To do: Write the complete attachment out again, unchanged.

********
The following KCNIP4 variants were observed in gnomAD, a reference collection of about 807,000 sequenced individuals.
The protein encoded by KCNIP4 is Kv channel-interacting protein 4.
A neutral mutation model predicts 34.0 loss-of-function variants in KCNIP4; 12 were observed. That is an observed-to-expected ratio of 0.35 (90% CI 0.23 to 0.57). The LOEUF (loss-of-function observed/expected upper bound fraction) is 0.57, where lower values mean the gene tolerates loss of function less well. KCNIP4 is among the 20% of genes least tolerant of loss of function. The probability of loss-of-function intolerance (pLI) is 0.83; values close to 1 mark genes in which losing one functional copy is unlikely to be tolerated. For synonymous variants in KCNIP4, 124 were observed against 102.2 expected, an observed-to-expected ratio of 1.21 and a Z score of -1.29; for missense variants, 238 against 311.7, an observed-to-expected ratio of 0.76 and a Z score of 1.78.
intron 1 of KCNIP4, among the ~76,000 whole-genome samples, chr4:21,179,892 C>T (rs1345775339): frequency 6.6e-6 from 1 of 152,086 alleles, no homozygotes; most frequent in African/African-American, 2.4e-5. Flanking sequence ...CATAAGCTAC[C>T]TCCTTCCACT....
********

The following KCNIP4 variants were observed in gnomAD, a reference collection of about 807,000 sequenced individuals.
The protein encoded by KCNIP4 is Kv channel-interacting protein 4.
A neutral mutation model predicts 34.0 loss-of-function variants in KCNIP4; 12 were observed. That is an observed-to-expected ratio of 0.35 (90% CI 0.23 to 0.57). The LOEUF (loss-of-function observed/expected upper bound fraction) is 0.57, where lower values mean the gene tolerates loss of function less well. KCNIP4 is among the 20% of genes least tolerant of loss of function. The probability of loss-of-function intolerance (pLI) is 0.83; values close to 1 mark genes in which losing one functional copy is unlikely to be tolerated. For synonymous variants in KCNIP4, 124 were observed against 102.2 expected, an observed-to-expected ratio of 1.21 and a Z score of -1.29; for missense variants, 238 against 311.7, an observed-to-expected ratio of 0.76 and a Z score of 1.78.
intron 1 of KCNIP4, among the ~76,000 whole-genome samples, chr4:21,179,892 C>T (rs1345775339): frequency 6.6e-6 from 1 of 152,086 alleles, no homozygotes; most frequent in African/African-American, 2.4e-5. Flanking sequence ...CATAAGCTAC[C>T]TCCTTCCACT....